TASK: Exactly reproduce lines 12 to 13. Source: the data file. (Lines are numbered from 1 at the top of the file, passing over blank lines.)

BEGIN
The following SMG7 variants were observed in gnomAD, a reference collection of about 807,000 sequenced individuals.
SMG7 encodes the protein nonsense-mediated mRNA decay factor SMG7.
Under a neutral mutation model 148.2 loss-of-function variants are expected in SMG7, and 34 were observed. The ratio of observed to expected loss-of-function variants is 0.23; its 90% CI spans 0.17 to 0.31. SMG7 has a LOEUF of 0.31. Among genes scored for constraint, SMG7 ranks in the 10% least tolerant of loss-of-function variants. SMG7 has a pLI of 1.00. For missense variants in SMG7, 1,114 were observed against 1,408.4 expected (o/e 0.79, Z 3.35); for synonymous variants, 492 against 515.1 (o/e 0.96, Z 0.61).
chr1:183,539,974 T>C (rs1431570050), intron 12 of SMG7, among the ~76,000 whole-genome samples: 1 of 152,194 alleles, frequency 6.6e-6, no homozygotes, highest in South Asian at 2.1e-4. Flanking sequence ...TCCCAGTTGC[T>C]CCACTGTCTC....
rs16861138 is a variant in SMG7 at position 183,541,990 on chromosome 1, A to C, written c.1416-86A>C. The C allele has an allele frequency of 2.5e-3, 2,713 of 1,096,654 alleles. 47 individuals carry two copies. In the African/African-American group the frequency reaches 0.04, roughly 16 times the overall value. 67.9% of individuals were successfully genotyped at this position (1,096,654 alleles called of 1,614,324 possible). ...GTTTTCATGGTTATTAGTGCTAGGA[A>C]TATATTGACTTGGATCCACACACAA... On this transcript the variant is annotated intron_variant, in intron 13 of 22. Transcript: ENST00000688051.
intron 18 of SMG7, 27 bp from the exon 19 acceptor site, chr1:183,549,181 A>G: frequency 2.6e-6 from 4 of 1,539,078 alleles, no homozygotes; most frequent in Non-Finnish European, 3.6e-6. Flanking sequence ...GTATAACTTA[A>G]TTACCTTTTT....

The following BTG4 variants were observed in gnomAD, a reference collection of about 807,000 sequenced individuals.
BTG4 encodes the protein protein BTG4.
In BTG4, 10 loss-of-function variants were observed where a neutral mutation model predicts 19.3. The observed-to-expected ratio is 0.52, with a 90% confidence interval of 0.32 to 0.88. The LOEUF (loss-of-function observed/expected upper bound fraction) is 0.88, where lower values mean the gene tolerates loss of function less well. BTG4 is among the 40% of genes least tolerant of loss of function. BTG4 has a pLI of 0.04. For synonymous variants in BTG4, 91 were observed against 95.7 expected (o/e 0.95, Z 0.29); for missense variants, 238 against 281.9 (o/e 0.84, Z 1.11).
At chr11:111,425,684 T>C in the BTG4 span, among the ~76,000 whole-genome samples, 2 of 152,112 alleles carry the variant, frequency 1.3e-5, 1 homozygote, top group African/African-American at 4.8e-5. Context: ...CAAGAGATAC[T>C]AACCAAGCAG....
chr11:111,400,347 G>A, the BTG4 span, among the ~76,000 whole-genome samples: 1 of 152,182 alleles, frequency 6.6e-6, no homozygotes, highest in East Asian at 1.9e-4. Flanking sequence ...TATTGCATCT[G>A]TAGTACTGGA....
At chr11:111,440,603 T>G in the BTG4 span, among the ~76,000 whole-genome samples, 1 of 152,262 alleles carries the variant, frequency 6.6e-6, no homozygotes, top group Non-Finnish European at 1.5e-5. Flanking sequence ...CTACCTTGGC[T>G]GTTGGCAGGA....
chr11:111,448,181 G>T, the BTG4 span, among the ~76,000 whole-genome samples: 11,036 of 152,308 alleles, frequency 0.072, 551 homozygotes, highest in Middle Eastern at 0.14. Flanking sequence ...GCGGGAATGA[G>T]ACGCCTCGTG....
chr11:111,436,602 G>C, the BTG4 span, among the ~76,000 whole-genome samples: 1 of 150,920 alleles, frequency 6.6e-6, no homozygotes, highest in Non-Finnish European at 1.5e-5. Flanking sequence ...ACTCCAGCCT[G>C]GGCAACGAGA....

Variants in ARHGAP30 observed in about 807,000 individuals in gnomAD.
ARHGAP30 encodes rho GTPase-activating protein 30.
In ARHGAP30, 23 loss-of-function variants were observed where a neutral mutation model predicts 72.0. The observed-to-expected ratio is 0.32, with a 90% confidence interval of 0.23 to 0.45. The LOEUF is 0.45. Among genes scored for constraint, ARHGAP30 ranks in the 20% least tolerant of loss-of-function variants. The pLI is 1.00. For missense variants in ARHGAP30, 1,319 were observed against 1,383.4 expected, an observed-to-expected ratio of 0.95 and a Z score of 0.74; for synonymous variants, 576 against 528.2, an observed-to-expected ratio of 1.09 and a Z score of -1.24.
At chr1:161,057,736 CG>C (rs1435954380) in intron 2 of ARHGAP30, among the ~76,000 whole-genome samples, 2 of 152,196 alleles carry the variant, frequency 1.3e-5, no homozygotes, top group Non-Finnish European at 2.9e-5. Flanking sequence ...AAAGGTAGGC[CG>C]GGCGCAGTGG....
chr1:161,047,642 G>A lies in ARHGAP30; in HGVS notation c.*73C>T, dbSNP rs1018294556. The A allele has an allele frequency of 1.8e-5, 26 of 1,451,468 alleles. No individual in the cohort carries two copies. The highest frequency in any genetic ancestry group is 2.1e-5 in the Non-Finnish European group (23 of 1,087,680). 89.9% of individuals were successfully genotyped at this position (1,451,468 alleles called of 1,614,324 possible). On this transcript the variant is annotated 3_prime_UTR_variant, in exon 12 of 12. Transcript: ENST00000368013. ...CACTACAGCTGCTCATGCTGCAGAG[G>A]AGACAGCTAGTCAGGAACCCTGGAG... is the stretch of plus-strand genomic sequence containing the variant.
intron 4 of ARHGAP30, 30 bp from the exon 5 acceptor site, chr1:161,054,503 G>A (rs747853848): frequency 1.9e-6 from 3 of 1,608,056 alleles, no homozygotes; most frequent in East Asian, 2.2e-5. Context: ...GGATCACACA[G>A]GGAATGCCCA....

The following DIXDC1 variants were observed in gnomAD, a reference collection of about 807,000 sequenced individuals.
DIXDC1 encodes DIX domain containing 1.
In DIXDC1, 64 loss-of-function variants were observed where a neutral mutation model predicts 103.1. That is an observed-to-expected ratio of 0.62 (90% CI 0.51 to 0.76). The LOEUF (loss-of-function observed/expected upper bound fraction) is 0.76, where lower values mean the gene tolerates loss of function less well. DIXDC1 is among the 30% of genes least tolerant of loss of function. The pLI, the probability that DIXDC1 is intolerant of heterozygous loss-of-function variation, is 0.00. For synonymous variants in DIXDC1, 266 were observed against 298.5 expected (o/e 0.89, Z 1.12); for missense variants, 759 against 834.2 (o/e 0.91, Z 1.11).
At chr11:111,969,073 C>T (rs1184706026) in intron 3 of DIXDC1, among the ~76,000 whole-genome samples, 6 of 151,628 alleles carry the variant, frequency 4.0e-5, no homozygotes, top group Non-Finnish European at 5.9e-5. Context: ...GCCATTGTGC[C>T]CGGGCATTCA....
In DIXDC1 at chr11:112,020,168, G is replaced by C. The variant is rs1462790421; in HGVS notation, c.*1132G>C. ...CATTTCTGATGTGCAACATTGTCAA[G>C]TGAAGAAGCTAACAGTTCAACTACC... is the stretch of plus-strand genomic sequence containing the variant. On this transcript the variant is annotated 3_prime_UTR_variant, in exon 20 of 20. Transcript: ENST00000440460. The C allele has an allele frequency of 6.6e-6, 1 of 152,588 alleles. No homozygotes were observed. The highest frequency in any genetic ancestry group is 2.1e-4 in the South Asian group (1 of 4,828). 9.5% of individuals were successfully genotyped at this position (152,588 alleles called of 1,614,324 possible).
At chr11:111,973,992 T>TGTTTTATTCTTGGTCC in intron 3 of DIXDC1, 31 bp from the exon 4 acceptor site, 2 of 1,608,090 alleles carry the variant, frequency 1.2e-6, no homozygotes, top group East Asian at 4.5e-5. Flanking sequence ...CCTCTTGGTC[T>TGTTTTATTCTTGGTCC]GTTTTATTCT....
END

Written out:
At chr11:111,440,603 T>G in the BTG4 span, among the ~76,000 whole-genome samples, 1 of 152,262 alleles carries the variant, frequency 6.6e-6, no homozygotes, top group Non-Finnish European at 1.5e-5. Flanking sequence ...CTACCTTGGC[T>G]GTTGGCAGGA....
chr11:111,448,181 G>T, the BTG4 span, among the ~76,000 whole-genome samples: 11,036 of 152,308 alleles, frequency 0.072, 551 homozygotes, highest in Middle Eastern at 0.14. Flanking sequence ...GCGGGAATGA[G>T]ACGCCTCGTG....